* Iron ore stocks at China ports rise to 138.48 mln tonnes
* Shanghai rebar also weaker, but coking coal up
By Manolo Serapio Jr
MANILA, Nov 20 (Reuters) - Chinese iron ore futures ticked lower on Monday as stockpiles at the country’s ports climbed to their highest level since August, underlining weak demand in the world’s top consumer as mills curb production.
China has ordered steel mills across its northern areas to reduce output during winter to fight smog.
The most-traded iron ore contract for January delivery on the Dalian Commodity Exchange was off 0.1 percent at 464 yuan ($70) a tonne, by 0210 GMT.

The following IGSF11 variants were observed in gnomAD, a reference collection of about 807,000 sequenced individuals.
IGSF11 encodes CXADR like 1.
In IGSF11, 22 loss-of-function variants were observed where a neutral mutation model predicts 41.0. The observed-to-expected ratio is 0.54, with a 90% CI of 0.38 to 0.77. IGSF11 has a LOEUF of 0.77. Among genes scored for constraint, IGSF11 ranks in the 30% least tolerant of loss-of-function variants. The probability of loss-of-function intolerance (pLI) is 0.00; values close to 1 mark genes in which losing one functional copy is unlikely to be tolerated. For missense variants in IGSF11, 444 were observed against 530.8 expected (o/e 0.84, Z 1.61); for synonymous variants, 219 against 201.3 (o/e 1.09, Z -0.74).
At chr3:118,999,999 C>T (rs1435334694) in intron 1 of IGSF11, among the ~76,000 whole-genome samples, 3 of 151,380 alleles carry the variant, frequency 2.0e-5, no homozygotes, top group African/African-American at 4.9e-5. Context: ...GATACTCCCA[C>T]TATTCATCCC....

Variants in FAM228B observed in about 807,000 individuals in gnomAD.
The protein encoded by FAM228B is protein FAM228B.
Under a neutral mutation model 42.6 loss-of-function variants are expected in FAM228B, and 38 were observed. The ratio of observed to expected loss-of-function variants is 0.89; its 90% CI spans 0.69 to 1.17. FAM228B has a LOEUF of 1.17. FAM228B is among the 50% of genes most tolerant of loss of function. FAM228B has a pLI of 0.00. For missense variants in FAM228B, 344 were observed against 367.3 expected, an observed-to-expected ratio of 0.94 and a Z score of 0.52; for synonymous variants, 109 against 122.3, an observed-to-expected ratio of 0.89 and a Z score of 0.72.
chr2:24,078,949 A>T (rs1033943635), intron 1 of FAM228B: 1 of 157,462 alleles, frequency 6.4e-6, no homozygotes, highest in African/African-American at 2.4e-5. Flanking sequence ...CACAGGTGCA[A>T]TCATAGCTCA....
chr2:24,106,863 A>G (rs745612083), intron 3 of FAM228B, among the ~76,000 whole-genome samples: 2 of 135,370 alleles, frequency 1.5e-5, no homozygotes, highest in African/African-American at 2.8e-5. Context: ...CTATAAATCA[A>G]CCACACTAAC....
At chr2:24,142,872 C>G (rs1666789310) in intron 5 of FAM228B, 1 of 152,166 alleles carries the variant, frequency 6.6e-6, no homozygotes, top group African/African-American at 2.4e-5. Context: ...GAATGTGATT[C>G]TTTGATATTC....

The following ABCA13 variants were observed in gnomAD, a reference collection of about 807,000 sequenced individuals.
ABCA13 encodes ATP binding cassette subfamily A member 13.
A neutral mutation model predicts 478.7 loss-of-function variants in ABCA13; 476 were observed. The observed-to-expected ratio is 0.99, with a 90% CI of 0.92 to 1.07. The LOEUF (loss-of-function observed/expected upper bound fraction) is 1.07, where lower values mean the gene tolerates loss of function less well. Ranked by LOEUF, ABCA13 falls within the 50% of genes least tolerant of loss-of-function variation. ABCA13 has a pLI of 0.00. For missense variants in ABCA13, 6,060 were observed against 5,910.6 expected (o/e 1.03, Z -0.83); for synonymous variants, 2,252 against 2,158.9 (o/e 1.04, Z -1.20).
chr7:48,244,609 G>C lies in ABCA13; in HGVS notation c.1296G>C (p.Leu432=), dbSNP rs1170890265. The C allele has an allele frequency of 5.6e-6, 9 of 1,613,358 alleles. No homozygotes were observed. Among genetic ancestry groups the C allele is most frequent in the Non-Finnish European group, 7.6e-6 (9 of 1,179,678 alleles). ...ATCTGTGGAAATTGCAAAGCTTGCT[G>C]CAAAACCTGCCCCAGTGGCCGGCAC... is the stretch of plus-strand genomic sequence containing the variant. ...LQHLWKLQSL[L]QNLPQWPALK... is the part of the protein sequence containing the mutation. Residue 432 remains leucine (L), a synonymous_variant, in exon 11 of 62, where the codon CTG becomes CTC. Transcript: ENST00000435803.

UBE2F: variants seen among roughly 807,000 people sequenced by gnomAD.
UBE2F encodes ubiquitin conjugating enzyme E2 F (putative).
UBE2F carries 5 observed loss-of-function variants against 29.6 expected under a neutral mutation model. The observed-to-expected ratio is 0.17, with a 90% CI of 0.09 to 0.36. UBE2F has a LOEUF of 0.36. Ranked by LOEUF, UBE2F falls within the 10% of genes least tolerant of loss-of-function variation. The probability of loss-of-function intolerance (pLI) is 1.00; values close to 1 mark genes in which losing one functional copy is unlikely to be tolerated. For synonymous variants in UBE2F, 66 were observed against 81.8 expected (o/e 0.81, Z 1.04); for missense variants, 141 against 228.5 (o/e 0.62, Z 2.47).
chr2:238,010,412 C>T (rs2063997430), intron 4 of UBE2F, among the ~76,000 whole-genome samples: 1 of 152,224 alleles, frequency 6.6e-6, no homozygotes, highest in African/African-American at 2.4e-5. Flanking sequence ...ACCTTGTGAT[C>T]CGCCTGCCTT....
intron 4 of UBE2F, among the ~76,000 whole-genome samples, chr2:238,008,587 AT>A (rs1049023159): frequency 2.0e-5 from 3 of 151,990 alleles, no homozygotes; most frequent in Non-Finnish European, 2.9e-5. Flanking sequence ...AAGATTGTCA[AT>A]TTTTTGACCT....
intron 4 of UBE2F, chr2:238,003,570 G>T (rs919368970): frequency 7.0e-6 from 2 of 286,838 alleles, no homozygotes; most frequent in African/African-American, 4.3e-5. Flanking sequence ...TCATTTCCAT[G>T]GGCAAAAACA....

Inventory of imported iron ore at China’s major ports reached 138.48 million tonnes as of Friday, the most since Aug. 4, according to data compiled by SteelHome consultancy. SH-TOT-IRONINV
China’s iron ore imports dropped nearly 23 percent in October from a record level the previous month as mills braced for the production cuts. But China’s own iron ore output last month rose 3.9 percent from a year ago.
Against weakening demand from steel mills, the increase in China’s iron ore production “will only lead to less import appetite, weighing down on seaborne prices,” Argonaut Securities analyst Helen Lau said in a note.
“We remain bearish on iron ore prices.”
The most-active rebar on the Shanghai Futures Exchange slipped 0.3 percent to 3,647 yuan a tonne.
But coal futures advanced. Coking coal rose 1.9 percent to 1,199 yuan per tonne, and coke gained 1.1 percent to 1,853 yuan.
$1 = 6.6307 Chinese yuan Reporting by Manolo Serapio Jr.; Editing by Sherry Jacob-Phillips